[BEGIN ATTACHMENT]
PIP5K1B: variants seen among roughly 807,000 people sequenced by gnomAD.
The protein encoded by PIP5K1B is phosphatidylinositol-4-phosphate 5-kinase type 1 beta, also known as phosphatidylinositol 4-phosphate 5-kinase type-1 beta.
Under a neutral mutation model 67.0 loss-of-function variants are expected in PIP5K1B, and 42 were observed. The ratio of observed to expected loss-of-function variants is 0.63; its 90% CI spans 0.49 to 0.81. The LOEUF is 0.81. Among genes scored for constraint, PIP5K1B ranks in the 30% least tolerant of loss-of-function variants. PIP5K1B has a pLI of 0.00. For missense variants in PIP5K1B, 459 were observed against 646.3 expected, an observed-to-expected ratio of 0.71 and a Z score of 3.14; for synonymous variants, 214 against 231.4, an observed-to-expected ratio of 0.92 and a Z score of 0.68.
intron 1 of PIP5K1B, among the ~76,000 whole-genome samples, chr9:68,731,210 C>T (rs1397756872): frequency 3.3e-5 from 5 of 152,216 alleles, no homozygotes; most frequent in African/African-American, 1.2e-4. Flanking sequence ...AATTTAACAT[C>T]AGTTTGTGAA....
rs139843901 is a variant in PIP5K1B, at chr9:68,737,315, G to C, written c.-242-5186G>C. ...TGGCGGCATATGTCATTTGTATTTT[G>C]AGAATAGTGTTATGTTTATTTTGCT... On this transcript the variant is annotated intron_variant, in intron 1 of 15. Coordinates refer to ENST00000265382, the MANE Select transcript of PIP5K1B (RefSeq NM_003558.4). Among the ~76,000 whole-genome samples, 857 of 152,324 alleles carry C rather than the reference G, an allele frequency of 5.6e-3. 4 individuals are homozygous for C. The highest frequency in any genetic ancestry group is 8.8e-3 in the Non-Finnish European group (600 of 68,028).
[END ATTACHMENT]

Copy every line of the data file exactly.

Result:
PIP5K1B: variants seen among roughly 807,000 people sequenced by gnomAD.
The protein encoded by PIP5K1B is phosphatidylinositol-4-phosphate 5-kinase type 1 beta, also known as phosphatidylinositol 4-phosphate 5-kinase type-1 beta.
Under a neutral mutation model 67.0 loss-of-function variants are expected in PIP5K1B, and 42 were observed. The ratio of observed to expected loss-of-function variants is 0.63; its 90% CI spans 0.49 to 0.81. The LOEUF is 0.81. Among genes scored for constraint, PIP5K1B ranks in the 30% least tolerant of loss-of-function variants. PIP5K1B has a pLI of 0.00. For missense variants in PIP5K1B, 459 were observed against 646.3 expected, an observed-to-expected ratio of 0.71 and a Z score of 3.14; for synonymous variants, 214 against 231.4, an observed-to-expected ratio of 0.92 and a Z score of 0.68.
intron 1 of PIP5K1B, among the ~76,000 whole-genome samples, chr9:68,731,210 C>T (rs1397756872): frequency 3.3e-5 from 5 of 152,216 alleles, no homozygotes; most frequent in African/African-American, 1.2e-4. Flanking sequence ...AATTTAACAT[C>T]AGTTTGTGAA....
rs139843901 is a variant in PIP5K1B, at chr9:68,737,315, G to C, written c.-242-5186G>C. ...TGGCGGCATATGTCATTTGTATTTT[G>C]AGAATAGTGTTATGTTTATTTTGCT... On this transcript the variant is annotated intron_variant, in intron 1 of 15. Coordinates refer to ENST00000265382, the MANE Select transcript of PIP5K1B (RefSeq NM_003558.4). Among the ~76,000 whole-genome samples, 857 of 152,324 alleles carry C rather than the reference G, an allele frequency of 5.6e-3. 4 individuals are homozygous for C. The highest frequency in any genetic ancestry group is 8.8e-3 in the Non-Finnish European group (600 of 68,028).